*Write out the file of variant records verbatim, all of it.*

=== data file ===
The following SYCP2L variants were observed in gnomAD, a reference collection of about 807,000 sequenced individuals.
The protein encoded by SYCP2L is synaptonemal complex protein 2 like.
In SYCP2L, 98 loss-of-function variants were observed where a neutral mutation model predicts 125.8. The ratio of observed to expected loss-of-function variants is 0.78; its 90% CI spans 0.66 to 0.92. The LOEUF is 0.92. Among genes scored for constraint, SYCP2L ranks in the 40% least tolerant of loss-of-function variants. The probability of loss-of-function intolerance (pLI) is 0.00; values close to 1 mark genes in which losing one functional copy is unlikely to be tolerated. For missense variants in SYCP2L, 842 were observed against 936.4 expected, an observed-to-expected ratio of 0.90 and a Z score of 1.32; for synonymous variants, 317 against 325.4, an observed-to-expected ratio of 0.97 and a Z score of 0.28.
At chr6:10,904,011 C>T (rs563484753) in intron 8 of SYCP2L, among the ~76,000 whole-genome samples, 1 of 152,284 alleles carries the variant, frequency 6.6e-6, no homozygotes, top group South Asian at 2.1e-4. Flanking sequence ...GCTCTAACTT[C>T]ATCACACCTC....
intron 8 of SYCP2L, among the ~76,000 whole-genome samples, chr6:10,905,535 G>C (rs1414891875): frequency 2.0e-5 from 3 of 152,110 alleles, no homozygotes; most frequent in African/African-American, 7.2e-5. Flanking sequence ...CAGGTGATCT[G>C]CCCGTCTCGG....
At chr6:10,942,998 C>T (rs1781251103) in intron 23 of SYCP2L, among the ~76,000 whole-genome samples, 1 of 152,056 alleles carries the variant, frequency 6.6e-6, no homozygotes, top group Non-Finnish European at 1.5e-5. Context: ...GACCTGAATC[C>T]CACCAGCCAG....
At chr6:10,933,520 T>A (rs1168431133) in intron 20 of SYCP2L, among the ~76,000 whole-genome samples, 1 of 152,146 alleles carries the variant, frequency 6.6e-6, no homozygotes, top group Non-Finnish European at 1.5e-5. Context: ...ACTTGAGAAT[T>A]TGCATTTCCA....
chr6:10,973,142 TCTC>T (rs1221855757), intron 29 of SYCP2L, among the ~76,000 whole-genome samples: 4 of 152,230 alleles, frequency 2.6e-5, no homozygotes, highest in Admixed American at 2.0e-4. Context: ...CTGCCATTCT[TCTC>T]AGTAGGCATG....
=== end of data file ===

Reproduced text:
The following SYCP2L variants were observed in gnomAD, a reference collection of about 807,000 sequenced individuals.
The protein encoded by SYCP2L is synaptonemal complex protein 2 like.
In SYCP2L, 98 loss-of-function variants were observed where a neutral mutation model predicts 125.8. The ratio of observed to expected loss-of-function variants is 0.78; its 90% CI spans 0.66 to 0.92. The LOEUF is 0.92. Among genes scored for constraint, SYCP2L ranks in the 40% least tolerant of loss-of-function variants. The probability of loss-of-function intolerance (pLI) is 0.00; values close to 1 mark genes in which losing one functional copy is unlikely to be tolerated. For missense variants in SYCP2L, 842 were observed against 936.4 expected, an observed-to-expected ratio of 0.90 and a Z score of 1.32; for synonymous variants, 317 against 325.4, an observed-to-expected ratio of 0.97 and a Z score of 0.28.
At chr6:10,904,011 C>T (rs563484753) in intron 8 of SYCP2L, among the ~76,000 whole-genome samples, 1 of 152,284 alleles carries the variant, frequency 6.6e-6, no homozygotes, top group South Asian at 2.1e-4. Flanking sequence ...GCTCTAACTT[C>T]ATCACACCTC....
intron 8 of SYCP2L, among the ~76,000 whole-genome samples, chr6:10,905,535 G>C (rs1414891875): frequency 2.0e-5 from 3 of 152,110 alleles, no homozygotes; most frequent in African/African-American, 7.2e-5. Flanking sequence ...CAGGTGATCT[G>C]CCCGTCTCGG....
At chr6:10,942,998 C>T (rs1781251103) in intron 23 of SYCP2L, among the ~76,000 whole-genome samples, 1 of 152,056 alleles carries the variant, frequency 6.6e-6, no homozygotes, top group Non-Finnish European at 1.5e-5. Context: ...GACCTGAATC[C>T]CACCAGCCAG....
At chr6:10,933,520 T>A (rs1168431133) in intron 20 of SYCP2L, among the ~76,000 whole-genome samples, 1 of 152,146 alleles carries the variant, frequency 6.6e-6, no homozygotes, top group Non-Finnish European at 1.5e-5. Context: ...ACTTGAGAAT[T>A]TGCATTTCCA....
chr6:10,973,142 TCTC>T (rs1221855757), intron 29 of SYCP2L, among the ~76,000 whole-genome samples: 4 of 152,230 alleles, frequency 2.6e-5, no homozygotes, highest in Admixed American at 2.0e-4. Context: ...CTGCCATTCT[TCTC>T]AGTAGGCATG....